Flexibility and versatility are two mainstays of digital hearing aids, thanks to the advent of innovative wireless technology and microelectronics. You may not think so, but digital hearing aids have only been around for about 15 years. Before that, analog hearing aids were at the top of the heap. It seems we’ve come very far since the early 1800s when ear trumpets came out. Advancements have come fast one after another, progressing from analog to digital in the present day. While some are available with remote controls that allow the user to adjust various settings, others come with omni-directional microphones to detect sound from multiple directions. Now, each device can be programmed according to user preference and hearing loss degrees. Analog hearing aids used to be all the rage before digital. Let’s take a look at the progression of digital aids.
Digital Noise Reduction (DNR)
Fortunately, digital noise reduction DNR technology addresses the physical characteristics of noise and speech rather than the separation of space. DNR came about after directional microphones, which helped but didn’t address certain traits within speech modulation.
Single Sided Deafness
CROS devices and bone conduction devices now make it easier for the hearing aid wearer to receive signals from the bad ear and send them to the good ear for ease of use. Before, people suffering from single-sided deafness only had one option before: listen with their good ear. This became increasingly difficult in crowds and other situations with lots of background noise.
Featuring self-learning or regulating tendencies, so-called smart hearing aids can adjust settings like volume automatically after a period of time as far as user preferences go, allowing the wearer to be in control.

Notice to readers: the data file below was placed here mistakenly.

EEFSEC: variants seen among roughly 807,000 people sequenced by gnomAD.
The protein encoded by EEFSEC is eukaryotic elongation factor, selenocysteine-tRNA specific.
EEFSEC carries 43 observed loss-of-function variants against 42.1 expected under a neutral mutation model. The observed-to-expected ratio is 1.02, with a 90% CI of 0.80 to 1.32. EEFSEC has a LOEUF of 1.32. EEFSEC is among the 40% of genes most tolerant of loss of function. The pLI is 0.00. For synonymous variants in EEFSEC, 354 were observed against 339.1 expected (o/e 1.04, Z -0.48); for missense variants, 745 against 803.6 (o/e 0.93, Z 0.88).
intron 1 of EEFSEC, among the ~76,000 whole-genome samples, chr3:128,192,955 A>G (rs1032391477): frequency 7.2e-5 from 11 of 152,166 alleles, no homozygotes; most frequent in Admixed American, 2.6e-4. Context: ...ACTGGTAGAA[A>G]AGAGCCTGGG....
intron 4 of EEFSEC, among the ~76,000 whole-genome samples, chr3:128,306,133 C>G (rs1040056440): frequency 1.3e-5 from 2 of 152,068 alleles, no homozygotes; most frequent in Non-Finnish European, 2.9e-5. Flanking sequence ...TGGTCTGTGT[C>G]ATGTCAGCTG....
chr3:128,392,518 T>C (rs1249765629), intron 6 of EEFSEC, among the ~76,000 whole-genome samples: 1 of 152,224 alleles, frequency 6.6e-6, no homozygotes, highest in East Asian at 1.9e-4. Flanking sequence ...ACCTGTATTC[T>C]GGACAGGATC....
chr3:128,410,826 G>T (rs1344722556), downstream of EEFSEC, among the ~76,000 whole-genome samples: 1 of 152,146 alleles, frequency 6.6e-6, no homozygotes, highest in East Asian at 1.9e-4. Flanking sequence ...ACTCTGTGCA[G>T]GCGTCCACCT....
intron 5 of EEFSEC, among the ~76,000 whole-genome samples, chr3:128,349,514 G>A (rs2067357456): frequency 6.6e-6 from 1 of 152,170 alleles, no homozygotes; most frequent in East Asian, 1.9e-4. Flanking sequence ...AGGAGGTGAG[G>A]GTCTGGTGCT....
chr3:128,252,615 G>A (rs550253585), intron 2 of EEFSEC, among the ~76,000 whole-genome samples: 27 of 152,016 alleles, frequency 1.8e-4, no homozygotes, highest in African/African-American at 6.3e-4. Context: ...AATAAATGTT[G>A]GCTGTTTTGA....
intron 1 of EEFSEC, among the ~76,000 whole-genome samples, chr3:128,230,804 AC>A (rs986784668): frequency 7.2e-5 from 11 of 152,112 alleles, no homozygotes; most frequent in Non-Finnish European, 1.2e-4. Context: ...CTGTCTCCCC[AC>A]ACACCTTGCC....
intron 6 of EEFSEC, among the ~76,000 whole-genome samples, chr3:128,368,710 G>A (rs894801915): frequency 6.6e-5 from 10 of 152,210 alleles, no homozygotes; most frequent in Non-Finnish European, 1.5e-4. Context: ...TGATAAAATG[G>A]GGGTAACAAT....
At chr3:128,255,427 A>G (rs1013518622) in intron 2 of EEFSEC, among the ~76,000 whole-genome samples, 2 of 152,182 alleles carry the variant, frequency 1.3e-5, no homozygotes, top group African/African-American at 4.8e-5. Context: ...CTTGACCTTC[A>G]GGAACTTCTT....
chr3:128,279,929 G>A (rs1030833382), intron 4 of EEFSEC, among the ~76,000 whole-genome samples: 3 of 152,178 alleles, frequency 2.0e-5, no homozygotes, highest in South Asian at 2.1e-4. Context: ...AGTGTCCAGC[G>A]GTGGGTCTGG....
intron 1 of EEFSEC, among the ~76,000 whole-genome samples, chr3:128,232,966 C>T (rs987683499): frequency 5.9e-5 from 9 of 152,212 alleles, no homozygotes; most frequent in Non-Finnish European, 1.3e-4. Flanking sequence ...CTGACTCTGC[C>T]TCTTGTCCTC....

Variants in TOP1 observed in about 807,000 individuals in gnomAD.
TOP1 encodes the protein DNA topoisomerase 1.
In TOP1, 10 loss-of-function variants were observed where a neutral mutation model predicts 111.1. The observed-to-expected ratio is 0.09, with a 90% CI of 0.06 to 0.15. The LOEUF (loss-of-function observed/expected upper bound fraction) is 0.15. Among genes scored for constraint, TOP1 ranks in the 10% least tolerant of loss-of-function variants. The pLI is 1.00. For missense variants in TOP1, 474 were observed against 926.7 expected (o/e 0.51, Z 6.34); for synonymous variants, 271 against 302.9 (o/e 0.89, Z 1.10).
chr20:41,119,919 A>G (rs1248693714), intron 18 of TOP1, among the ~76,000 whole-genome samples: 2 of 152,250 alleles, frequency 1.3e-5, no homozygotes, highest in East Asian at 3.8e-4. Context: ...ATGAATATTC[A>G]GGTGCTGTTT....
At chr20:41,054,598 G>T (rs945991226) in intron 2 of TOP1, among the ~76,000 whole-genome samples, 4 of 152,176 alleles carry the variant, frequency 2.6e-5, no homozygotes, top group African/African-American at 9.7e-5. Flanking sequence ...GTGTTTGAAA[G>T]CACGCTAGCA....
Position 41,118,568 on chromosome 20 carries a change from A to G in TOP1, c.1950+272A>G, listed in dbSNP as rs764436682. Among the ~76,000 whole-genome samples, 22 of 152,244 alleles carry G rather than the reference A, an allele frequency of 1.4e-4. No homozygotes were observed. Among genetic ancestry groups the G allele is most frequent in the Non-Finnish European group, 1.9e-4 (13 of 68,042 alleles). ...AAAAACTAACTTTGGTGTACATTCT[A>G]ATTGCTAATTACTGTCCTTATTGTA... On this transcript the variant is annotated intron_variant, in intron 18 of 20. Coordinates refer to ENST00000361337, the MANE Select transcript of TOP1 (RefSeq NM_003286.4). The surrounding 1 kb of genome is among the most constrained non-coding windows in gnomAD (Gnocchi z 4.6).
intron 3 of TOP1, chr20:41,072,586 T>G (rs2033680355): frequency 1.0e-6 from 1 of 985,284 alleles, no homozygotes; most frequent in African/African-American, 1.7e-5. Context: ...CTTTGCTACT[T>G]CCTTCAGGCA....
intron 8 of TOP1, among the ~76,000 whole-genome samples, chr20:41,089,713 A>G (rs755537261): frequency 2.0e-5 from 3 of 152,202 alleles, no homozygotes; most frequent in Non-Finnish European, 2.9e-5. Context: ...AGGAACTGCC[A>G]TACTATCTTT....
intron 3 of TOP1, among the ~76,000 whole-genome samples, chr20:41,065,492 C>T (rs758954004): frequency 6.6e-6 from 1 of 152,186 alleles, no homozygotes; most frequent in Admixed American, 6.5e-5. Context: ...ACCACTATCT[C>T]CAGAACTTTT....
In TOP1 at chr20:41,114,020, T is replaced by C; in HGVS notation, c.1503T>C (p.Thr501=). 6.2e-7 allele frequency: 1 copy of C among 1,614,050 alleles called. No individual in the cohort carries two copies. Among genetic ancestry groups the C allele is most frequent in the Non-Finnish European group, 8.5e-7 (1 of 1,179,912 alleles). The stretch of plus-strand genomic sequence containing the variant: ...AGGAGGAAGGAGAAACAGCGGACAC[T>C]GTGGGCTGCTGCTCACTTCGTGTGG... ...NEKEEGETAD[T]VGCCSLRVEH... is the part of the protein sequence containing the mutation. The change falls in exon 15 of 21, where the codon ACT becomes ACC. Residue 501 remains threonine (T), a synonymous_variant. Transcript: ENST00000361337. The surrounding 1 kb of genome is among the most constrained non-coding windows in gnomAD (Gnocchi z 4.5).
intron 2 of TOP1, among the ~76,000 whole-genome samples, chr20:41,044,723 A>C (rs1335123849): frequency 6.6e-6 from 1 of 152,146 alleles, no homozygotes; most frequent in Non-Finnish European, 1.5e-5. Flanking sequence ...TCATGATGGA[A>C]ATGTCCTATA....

The First Digital Hearing Aids
The initial digital hearing aids were great for boosting processing speeds which improved the ability to hear. Range of amplification was also greatly improved. The first digital hearing aids featured DSP for digital noise reduction, technically standing for digital signal processing. 1996 was the first year that saw this advancement.
You may realize that modern hearing aids can easily filter out that noise so that the user can hear words but not all the other stuff. Well, improvements in wireless technology have allowed for improved speech recognition and signal-to-noise ratio (SNR). Many user formerly complained of hearing aids that make it hard to hear clearly with all the background noise. Older hearing aids amplified all sound, which was great for hearing words but this also presented an added challenge of filtering out the background noise that was also amplified. Many manufacturers now incorporate new technology through the use of digital magnetic wireless communication.
The future is certainly opened up for the use of digital hearing aids. For ideal ease of use and flexibility, hearing impaired individuals can count on digital hearing aids to take advantage of innovative wireless technology and microelectronics to propel to more sophisticated abilities.